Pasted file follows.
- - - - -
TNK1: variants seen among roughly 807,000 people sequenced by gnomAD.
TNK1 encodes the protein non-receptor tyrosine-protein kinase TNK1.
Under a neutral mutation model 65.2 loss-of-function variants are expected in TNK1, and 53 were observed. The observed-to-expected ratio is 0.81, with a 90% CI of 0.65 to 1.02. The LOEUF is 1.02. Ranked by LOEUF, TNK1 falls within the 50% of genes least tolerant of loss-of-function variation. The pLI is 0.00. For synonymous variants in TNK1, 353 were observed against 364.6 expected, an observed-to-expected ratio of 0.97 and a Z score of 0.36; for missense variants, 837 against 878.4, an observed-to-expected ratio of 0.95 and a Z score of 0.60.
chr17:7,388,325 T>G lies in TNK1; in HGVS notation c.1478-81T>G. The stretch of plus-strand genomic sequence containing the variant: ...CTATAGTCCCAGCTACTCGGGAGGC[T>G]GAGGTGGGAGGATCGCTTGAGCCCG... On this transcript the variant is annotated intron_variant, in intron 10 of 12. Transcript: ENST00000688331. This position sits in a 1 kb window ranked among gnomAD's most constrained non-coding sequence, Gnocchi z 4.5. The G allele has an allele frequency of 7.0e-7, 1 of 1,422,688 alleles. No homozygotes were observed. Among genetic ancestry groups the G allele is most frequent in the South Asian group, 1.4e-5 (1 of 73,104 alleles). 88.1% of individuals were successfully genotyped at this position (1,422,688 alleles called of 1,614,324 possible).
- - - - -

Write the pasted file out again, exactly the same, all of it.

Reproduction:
TNK1: variants seen among roughly 807,000 people sequenced by gnomAD.
TNK1 encodes the protein non-receptor tyrosine-protein kinase TNK1.
Under a neutral mutation model 65.2 loss-of-function variants are expected in TNK1, and 53 were observed. The observed-to-expected ratio is 0.81, with a 90% CI of 0.65 to 1.02. The LOEUF is 1.02. Ranked by LOEUF, TNK1 falls within the 50% of genes least tolerant of loss-of-function variation. The pLI is 0.00. For synonymous variants in TNK1, 353 were observed against 364.6 expected, an observed-to-expected ratio of 0.97 and a Z score of 0.36; for missense variants, 837 against 878.4, an observed-to-expected ratio of 0.95 and a Z score of 0.60.
chr17:7,388,325 T>G lies in TNK1; in HGVS notation c.1478-81T>G. The stretch of plus-strand genomic sequence containing the variant: ...CTATAGTCCCAGCTACTCGGGAGGC[T>G]GAGGTGGGAGGATCGCTTGAGCCCG... On this transcript the variant is annotated intron_variant, in intron 10 of 12. Transcript: ENST00000688331. This position sits in a 1 kb window ranked among gnomAD's most constrained non-coding sequence, Gnocchi z 4.5. The G allele has an allele frequency of 7.0e-7, 1 of 1,422,688 alleles. No homozygotes were observed. Among genetic ancestry groups the G allele is most frequent in the South Asian group, 1.4e-5 (1 of 73,104 alleles). 88.1% of individuals were successfully genotyped at this position (1,422,688 alleles called of 1,614,324 possible).